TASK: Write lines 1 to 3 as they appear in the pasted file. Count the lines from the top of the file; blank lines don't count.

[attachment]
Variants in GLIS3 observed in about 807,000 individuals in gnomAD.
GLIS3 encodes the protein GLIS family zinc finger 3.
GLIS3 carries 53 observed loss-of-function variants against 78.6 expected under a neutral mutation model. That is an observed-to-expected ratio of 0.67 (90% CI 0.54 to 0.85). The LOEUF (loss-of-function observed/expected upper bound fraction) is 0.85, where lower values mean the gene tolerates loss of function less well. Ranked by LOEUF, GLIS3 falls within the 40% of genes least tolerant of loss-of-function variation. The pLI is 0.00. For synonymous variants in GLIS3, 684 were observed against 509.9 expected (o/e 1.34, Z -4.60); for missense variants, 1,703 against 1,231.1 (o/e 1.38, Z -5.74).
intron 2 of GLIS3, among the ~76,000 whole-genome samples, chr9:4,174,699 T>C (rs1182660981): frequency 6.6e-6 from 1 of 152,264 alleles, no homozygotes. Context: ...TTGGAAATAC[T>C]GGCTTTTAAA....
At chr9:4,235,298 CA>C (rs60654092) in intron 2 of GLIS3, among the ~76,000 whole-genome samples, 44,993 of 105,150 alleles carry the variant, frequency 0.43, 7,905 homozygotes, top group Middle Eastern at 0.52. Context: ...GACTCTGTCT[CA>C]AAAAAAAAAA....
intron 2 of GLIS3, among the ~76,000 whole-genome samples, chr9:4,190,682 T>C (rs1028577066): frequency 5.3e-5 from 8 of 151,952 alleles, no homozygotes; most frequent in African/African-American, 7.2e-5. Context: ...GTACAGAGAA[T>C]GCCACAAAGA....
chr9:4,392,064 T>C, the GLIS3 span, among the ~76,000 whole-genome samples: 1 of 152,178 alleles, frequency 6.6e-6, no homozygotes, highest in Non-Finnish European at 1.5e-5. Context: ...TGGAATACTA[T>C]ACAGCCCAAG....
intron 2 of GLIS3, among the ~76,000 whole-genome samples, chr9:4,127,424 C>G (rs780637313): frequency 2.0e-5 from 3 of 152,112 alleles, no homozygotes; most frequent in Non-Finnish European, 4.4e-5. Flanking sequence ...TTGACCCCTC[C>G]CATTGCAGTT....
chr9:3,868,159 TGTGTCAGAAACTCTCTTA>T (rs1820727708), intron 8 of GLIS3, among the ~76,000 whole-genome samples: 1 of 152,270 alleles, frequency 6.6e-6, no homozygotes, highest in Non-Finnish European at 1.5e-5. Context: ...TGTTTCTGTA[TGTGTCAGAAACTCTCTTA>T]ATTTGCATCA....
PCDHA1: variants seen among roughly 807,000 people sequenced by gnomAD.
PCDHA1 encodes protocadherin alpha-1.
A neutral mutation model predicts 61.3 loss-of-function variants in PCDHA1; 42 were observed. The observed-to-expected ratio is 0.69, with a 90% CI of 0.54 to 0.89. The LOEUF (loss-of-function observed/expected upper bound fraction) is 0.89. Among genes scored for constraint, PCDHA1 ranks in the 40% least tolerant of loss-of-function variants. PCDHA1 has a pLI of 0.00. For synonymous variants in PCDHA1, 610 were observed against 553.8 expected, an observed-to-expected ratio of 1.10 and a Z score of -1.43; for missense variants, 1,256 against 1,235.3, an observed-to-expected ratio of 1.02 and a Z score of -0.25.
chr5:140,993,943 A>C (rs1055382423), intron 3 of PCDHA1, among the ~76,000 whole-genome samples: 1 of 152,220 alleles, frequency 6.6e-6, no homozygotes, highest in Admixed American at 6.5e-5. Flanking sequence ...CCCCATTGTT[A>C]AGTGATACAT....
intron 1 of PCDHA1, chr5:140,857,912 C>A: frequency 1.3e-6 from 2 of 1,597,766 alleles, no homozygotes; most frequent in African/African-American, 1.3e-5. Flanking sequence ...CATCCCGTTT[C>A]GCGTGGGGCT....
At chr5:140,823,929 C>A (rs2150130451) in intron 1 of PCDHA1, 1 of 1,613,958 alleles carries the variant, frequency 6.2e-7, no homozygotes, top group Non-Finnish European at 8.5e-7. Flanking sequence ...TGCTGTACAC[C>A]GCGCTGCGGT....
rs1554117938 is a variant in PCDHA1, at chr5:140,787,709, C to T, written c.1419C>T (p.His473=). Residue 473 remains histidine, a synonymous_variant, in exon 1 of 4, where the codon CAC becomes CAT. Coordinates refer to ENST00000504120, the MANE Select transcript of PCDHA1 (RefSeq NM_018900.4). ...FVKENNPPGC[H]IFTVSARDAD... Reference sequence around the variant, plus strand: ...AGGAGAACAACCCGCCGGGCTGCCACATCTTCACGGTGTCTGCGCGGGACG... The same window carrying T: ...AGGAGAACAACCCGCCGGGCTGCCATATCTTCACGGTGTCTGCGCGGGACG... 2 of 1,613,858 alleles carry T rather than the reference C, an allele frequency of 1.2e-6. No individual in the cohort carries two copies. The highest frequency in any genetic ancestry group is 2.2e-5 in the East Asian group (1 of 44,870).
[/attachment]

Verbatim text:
Variants in GLIS3 observed in about 807,000 individuals in gnomAD.
GLIS3 encodes the protein GLIS family zinc finger 3.
GLIS3 carries 53 observed loss-of-function variants against 78.6 expected under a neutral mutation model. That is an observed-to-expected ratio of 0.67 (90% CI 0.54 to 0.85). The LOEUF (loss-of-function observed/expected upper bound fraction) is 0.85, where lower values mean the gene tolerates loss of function less well. Ranked by LOEUF, GLIS3 falls within the 40% of genes least tolerant of loss-of-function variation. The pLI is 0.00. For synonymous variants in GLIS3, 684 were observed against 509.9 expected (o/e 1.34, Z -4.60); for missense variants, 1,703 against 1,231.1 (o/e 1.38, Z -5.74).